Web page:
A couple years ago I entered Dwell Magazine’s Rethinking Preservation contest. The magazine asked readers to send in photos and a proposal for what they thought would be a landmark or building worthy of preserving. I immediately thought of the Upper Post of Fort Snelling. The 40 or so buildings of the Upper Post had been mostly boarded up since the 1940’s and were in danger of being torn down.
I didn’t win the contest (that wine fridge would have been nice – winning’s not bad either) but I really appreciated how much I learned about the fort and Minnesota’s history and the connection to the U.S. – Dakota War of 1862.
Here is what I wrote -
At the confluence of the Mississippi and Minnesota Rivers lies the Fort Snelling Historic Site, a landmark so rich in historical and environmental significance, it is referred to as the “birthplace of Minnesota.”
Established in 1819, the fort was built to control traffic and a thriving fur trade with the Native population on two major rivers and the exploding population of white settlers. The Indian Agency was also built here – the U.S. embassy to the American Indian Nations. The creation of Minnesota was negotiated here. This site is also sacred Indian land – Coldwater Spring, a 10,000 year old spring is very close by.
Dred Scott, enslaved with his wife at Fort Snelling, sued for their freedom here leading to the Dred Scott decision.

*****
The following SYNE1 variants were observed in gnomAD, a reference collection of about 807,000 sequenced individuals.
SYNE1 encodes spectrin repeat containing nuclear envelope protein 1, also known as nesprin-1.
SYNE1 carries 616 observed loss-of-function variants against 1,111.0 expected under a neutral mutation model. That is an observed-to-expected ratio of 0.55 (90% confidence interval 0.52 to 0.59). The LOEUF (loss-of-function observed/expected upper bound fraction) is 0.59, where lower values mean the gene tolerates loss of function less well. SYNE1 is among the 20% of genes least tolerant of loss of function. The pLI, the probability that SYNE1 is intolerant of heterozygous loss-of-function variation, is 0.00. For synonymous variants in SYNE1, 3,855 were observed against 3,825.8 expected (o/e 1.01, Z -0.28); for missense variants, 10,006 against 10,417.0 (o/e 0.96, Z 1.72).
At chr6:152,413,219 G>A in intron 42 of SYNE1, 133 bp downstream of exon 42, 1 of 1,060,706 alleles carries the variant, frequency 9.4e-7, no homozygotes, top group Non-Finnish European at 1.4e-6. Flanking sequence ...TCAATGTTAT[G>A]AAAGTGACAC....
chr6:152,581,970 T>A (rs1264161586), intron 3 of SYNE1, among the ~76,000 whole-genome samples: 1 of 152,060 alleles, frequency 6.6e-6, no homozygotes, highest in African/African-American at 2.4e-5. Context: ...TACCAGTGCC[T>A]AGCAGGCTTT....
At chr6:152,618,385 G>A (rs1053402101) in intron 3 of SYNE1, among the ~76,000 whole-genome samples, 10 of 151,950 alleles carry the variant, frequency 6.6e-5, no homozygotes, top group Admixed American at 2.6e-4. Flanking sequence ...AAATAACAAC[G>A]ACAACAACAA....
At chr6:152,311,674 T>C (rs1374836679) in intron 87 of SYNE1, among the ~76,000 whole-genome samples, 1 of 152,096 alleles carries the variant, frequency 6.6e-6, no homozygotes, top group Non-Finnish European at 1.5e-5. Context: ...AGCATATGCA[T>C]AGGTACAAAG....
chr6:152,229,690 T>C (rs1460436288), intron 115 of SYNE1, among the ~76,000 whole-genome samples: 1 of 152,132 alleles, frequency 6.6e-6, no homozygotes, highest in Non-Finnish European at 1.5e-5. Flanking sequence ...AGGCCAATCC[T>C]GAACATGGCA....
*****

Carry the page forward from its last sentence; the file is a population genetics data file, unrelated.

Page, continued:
During the U.S.-Dakota War in 1862, 1600 Dakota Sioux were held here in a concentration camp and many of them died here.
Fort Snelling was an induction point for hundreds of thousands of soldiers from the Civil War until World War II.
A national historic landmark, on the National Register of Historic Places, the National Trust for Historic Preservation and the Preservation Alliance both list the fort as one of the most endangered places in the U.S.
In the words of grand chief Eddie Benton Benais, “My grandfather . . . many times he retold how . . . his family . . . as a small boy traveled by foot, by horse, by canoe to this great place to where there would be these great religious, spiritual events . . . a sacred place, a neutral place, a place for many nations to come . . . a spring that all nations used to draw the sacred water for the ceremony . . . How we take care of the water is how it will take care of us.”
Below are a few photos of the Upper Post – to be clear, most of these buildings were built around the turn of the century and were not the buildings that housed American Indians during the U.S. – Dakota War. That portion of the fort is not far away from these buildings, however.
Winning the contest would have meant that one of the organizations responsible for renovating the fort would have received $10,000. There is good news for the fort however, plans are moving forward to renovate the fort. A charter school, Upper Mississippi Academy has moved in to temporary buildings and will soon occupy 9 of the architecturally significant buildings that have been vacant for decades. Also, 58 apartments for homeless vets will be built in 5 rehabilitated buildings by Common Bond and possibly be ready for occupancy by summer of 2014.
The fort has also benefited from a program to have inmates from various correctional facilities work on the buildings and learn carpentry, roofing and masonry.
In the future post I hope to publish photos of the newly restored Coldwater Spring which is not pictured here.
By the way, here’s the winning project – http://www.dwell.com/post/article/and-winner-rethinking-preservation.